The working ofthe device is as follows:

4The bottom of casing 1 beingflled with brine cooled to a suitable temperature, andthe coldproducing iiuid being set in motion in worm 2, the pump 9 is started. The brine is sent into duct '7 out of which it flowsthroughthe cocks 8. 1t falls on to the middle ofthe caps 11, out of which it ows through apertures 13 over the side walls of the forms A.which are cooled not only through contact but also through the' evaporation of the brine streaming as a thin layer over a large area. Y

The brine falls again into the bottom of casing 1, after streaming over the worm 2, or the upper tubes thereof if the lower tubes are immersed in the brine; the brine is thus cooled bythe worm. It may be sucked again by the pump 9 for coolving again the forms.

Sometimes it may be of advantageto arrange a second worm between the duct 'land the top of the forms so that the brine maybe cooled by block of ice, and after lifting of said block forn Fig. 1 shows diagrammatically the whole ma-- passing over said worm justV before it streams Y `condensation and stillmore the freezing of moisture inside the pipes is thus avoided; on the other hand the air already cooled abandons only very `little heat during its passage through the forms.

The air is sent from the fan into the duct v16, provided with as many cocks 17 as there are forms, which latter are themselves provided with cocks 418- at their lower ends ;`cocks 17 and 18 are interconnected through the flexible tubes 19 the length of `which is great Yenough to allow the forms to be pivoted round their axes and brought intothe position illustrated for form 5. After:A

. having travelled through the water filling a form,

the air escapes through a vent 21 at-the top thereof.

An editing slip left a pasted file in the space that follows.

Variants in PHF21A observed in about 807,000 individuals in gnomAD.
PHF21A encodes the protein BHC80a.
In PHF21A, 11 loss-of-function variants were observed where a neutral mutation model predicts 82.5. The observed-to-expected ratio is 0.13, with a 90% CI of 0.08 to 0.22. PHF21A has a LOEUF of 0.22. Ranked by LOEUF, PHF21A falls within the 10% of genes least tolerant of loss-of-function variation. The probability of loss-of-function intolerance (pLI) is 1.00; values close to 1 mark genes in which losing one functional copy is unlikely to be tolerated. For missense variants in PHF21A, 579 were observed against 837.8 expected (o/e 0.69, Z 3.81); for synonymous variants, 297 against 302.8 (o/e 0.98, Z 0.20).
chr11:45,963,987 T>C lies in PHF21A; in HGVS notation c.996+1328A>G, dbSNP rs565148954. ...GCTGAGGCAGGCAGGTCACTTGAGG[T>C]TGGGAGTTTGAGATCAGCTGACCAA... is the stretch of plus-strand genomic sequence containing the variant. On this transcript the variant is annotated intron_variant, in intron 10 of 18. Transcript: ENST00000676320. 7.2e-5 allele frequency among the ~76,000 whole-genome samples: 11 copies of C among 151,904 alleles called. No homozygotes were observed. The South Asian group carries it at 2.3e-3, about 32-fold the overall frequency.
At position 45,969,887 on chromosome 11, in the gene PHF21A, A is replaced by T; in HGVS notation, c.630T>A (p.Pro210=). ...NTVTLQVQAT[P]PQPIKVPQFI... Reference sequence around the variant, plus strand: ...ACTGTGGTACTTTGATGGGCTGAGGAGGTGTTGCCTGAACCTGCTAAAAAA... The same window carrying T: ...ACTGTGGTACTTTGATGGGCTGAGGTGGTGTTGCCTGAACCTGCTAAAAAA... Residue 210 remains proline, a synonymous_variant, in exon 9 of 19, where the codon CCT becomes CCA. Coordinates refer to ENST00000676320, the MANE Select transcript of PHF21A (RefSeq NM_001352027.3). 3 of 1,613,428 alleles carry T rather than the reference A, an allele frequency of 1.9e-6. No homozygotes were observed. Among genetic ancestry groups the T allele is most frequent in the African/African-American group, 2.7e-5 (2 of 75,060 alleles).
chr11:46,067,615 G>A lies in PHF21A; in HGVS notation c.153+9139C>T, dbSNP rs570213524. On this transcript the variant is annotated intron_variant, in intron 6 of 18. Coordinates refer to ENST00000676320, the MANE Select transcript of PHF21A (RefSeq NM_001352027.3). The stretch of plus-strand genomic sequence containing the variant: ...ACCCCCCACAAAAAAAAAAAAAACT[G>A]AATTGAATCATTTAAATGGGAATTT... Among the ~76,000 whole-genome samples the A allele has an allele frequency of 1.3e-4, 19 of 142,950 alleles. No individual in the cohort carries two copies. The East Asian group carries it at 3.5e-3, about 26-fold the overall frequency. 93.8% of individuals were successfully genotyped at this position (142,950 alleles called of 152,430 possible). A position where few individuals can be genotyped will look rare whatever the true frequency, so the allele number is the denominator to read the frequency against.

As soon as the operation has begun and the4 brine streams over the forms, the fan 1 is started, andthe-threewaycocks 22 and 23 are actuated so as to connect the fan with duct 16 whereby the. air is blown through the water to beV frozen.

Whenthe water is frozen, the pump 9 and fan 14 are stopped; Each form contains an ice block 24, Vshowing at its bottom the usual central hollow wherein the impurities of the water gather. The cocks 22 and 23 are actuated so as to separate duct 16 from pipe 15 and to connect it with the exhaust 25 through which the soiled water remaining in the hollows of the ice blocks is removed.

This being'done, the doors 26 of the casing 1 1 are opened, the forms are pivotedv (as shown for form 5) the ice block is freed through grav-` ity and can be easily removed and loaded on a car.

When all the forms have been emptied and the 1 caps replaced, the forms are set in their upright positions which requires only aslight effort; they are then filled again with pure water in order to make them ready for another operation. To this effect the cocks 22 and r23 are again actuated l for separating duct 16 from'pipes 15 and 25 and connecting it with tube 27 fed from the pure waA ter supply (not shown). Y 'Y It is Aobvious that at the beginning of the fol-V lowing operation, the water will fill the duct 16 and part of the pipe 15, but the pressure of the air from the fanrlfl will drive it back into the forms.

Fig. 2

than Fig. 1 which with a view to a greater cleari? ness, is quite diagrammatical, how the casing 1 and its door 26 maybe arranged in practice with a careful protection against external heat, the form 3 being shown with its shaft around which the form is adapted to pivot without any difficulty. i